Hot off the Press...Where Chairlifts go in their Next Life

From Sunday's Aspen Daily news by Madeleine Observer.  Lifts travel by truck and by barge to new destinations

Built to last for generations of skiers, the fixed-grip double and triple chairlifts that once populated the local slopes are nearing extinction here.

Last month’s replacement of Snowmass’ 1978 Riblet center-bar High Alpine double with a sleek Leitner-Poma quad took one of the handful of remaining old chairs out of local circulation. But High Alpine, like the old Burlingame, Assay Hill, Naked Lady, Big Burn and Lift 1A chairs before it, is destined for a second life at a smaller ski area.

“Many of the old doubles and triples will run forever and ever,” said Michael Berry, president of the National Ski Areas Association. “These lifts have a much longer life than a lot of people assume.”  

With relatively few main parts — bullwheel, motor, gear box and sheaves — the chairs made by manufacturers such as Riblet, Hall and Yan continue to roll at many of the country’s 471 operating ski areas.

Guests at major destination resorts like Aspen have high expectations when it comes to a lift’s speed and capacity, Berry said. But the old war horse lifts, with their lower maintenance costs, are perfect for price sensitive, low volume, medium-sized ski areas.

Instead of being put out to pasture prematurely for reasons of comfort and aesthetics, some familiar lifts have been repurposed at mountains from Alaska to Minnesota. One may even be operating as a people-mover in the Middle East.

Assay Hill to Eaglecrest, Alaska

At the community-owned Eaglecrest area outside Juneau, Alaska, a new-used chair from Snowmass has been a tremendous boost to beginner and adaptive skiing business, said spokeswoman Jeffra Clough.

The Porcupine Chair, now a tower or two shorter than during its long life as Snowmass’ Assay Hill Chair, replaced a 1975 platter-pull that was tough for snowboarders, first-timers and adaptive skiers.

Since its 2010 installation, the lift has made such a positive impact on business that Eaglecrest recently built a companion Porcupine Lodge for rentals and lift ticket sales, according to operations director Nate Abbott.

“I knew it was going to create a change, but I didn’t realize how much of an impact it would have on our business,” noted Clough, who helped orchestrate the lift’s multi-modal journey from Colorado to Alaska.

Clough didn’t know how much it cost to move the roughly 3,000 miles via trucks to the port in Seattle and a barge through southeast Alaska, to Juneau. From there it was driven about 12 miles to Douglas Island, just outside the state’s capitol.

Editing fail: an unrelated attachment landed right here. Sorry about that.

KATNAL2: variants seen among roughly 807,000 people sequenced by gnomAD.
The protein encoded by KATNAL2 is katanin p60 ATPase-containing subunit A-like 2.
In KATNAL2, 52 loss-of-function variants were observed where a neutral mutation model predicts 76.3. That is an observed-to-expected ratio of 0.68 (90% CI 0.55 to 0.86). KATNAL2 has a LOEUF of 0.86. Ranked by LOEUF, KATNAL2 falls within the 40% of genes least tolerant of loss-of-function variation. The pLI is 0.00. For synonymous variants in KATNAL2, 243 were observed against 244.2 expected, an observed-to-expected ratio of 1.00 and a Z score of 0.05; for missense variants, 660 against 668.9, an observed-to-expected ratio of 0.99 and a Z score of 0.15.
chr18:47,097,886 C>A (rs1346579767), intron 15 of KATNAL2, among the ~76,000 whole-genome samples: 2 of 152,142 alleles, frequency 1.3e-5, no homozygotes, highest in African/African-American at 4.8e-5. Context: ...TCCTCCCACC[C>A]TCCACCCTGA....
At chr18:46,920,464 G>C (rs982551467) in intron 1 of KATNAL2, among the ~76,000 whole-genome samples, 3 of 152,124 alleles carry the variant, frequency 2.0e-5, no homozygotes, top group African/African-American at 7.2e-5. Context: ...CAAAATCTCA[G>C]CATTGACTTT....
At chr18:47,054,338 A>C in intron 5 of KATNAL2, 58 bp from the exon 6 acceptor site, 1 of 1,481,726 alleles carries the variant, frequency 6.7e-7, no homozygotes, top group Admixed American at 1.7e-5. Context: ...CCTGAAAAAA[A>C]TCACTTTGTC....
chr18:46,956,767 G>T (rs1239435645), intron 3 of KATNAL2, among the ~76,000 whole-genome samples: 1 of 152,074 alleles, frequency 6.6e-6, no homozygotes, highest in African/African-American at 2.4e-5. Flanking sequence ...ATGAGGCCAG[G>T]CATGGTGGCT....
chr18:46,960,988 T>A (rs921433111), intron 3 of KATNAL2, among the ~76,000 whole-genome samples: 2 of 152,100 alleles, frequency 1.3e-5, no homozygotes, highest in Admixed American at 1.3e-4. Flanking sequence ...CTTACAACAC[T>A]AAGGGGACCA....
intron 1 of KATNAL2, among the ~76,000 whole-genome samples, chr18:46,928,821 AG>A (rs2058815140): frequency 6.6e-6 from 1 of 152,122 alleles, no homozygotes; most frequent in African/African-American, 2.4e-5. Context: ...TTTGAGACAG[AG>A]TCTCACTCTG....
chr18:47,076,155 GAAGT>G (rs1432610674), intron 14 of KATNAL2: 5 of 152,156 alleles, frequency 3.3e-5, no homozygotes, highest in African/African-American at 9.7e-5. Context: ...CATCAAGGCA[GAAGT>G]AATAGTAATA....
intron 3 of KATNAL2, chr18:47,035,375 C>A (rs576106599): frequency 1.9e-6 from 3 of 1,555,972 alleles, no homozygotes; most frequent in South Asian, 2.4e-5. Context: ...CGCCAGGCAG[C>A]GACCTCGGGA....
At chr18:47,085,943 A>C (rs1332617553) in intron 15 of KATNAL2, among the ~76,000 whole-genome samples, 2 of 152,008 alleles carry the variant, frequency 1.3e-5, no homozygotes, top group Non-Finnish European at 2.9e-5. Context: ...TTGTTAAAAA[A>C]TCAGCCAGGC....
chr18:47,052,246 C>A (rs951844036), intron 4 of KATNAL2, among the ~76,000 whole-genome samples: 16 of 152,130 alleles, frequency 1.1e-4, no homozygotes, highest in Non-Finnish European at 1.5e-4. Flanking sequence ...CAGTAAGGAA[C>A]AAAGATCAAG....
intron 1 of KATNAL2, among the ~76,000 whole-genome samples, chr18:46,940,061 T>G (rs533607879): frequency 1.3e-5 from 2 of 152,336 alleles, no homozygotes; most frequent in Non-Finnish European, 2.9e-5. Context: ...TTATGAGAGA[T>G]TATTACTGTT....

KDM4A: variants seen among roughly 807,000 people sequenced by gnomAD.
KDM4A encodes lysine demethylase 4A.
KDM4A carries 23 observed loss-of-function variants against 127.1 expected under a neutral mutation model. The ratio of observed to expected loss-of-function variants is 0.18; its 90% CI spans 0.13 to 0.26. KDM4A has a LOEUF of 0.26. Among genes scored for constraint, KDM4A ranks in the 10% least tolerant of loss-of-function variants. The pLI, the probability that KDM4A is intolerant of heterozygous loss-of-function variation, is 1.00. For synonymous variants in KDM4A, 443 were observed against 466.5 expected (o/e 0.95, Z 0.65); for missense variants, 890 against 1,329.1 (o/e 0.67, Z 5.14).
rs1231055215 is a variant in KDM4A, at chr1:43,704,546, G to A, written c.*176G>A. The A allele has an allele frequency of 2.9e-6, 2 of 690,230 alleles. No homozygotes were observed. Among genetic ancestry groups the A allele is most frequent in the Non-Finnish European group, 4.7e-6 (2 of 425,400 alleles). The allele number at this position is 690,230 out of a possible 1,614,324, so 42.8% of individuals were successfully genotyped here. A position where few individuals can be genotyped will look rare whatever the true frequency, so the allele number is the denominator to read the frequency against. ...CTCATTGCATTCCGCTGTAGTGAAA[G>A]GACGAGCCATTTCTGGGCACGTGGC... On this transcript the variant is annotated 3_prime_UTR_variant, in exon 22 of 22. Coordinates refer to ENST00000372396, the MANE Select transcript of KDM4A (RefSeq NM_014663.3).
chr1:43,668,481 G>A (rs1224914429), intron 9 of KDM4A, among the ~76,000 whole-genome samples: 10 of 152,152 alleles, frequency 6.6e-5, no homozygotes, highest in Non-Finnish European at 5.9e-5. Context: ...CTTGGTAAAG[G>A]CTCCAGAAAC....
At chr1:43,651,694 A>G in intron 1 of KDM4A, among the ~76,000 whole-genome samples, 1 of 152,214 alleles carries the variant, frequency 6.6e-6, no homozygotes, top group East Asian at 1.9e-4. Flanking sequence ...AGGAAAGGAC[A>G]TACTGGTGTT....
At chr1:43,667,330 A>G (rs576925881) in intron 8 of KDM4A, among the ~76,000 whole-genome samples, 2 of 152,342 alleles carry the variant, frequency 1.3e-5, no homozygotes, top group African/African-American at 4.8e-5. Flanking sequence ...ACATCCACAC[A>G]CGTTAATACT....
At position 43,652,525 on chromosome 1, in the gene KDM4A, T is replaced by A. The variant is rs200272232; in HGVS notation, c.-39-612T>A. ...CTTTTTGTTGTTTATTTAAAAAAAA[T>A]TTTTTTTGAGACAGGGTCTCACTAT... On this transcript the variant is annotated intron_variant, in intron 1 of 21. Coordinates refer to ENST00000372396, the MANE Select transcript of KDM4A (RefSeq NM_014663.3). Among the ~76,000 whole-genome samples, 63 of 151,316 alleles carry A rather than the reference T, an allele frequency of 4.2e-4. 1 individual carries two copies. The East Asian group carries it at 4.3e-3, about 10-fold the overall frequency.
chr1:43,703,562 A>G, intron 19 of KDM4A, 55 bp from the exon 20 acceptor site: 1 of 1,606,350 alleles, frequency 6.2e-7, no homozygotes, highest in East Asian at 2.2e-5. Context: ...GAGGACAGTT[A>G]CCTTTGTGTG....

Last season, when the area’s upper mountain lifts only ran five days due to little snow, Porcupine Chair was able to motor on for about 45 days.

“It was basically the only thing you could ride all season,” said Abbott.

This year, conditions are much different, with an 81-inch base as of Jan. 2 (compared to 20 inches a year ago) and all four lifts running. A short hike beyond the top of the Black Bear chair is said to offer views of the Gastineau Channel at high tide. Black Bear too is enjoying a second life, having been relocated from Northstar at Tahoe.

That’s how an area with a $46 a day lift ticket can make its finances work.

“We try to keep it really affordable, said Clough. “We’re a huge community presence, particularly for the youth. Again, that’s why the Porcupine Chair (Snowmass’ old Assay Hill lift) really helped us out.”

Naked Lady to Lutsen, Minn.

After years of being bypassed for the faster Alpine Springs quad chair, the Aspen Skiing Co. in 2008 removed the then 27-year-old Naked Lady double from Snowmass. Naked Lady’s new owner is Tom Rider of the Lutsen ski area in northern Minnesota, and the chair’s new name is 10th Mountain.

The repurposed lift is used to access chutes and intermediate terrain at the expansive midwestern ski area located on the shores of Lake Superior that was founded in 1948 by a group that included former 10th Mountain Division soldier George Nelson.

“The 10th Mountain name is in honor of our roots,” said Rider, who allowed that the Naked Lady lift’s sale was handled through a private broker. Despite costs for transport, reassembly that includes tower installation and reengineering the braking system, the price tag is still at least half, if not less, the cost of a new fixed grip lift. Rider put that at a minimum of $1 million.

Ski areas also prefer to recycle old doubles as opposed to acquiring the first generation of high-speed quads because of the maintenance that will be required, according to NSAA’s Berry. And it’s more cost efficient to operate a number of lifts by the same manufacturer.

“You see less activity in (resale of) the detachable lifts, there just isn’t as strong of a market for them, he said. “A small ski area has to be careful not so much with the lift acquisition, but with the cost of maintenance.”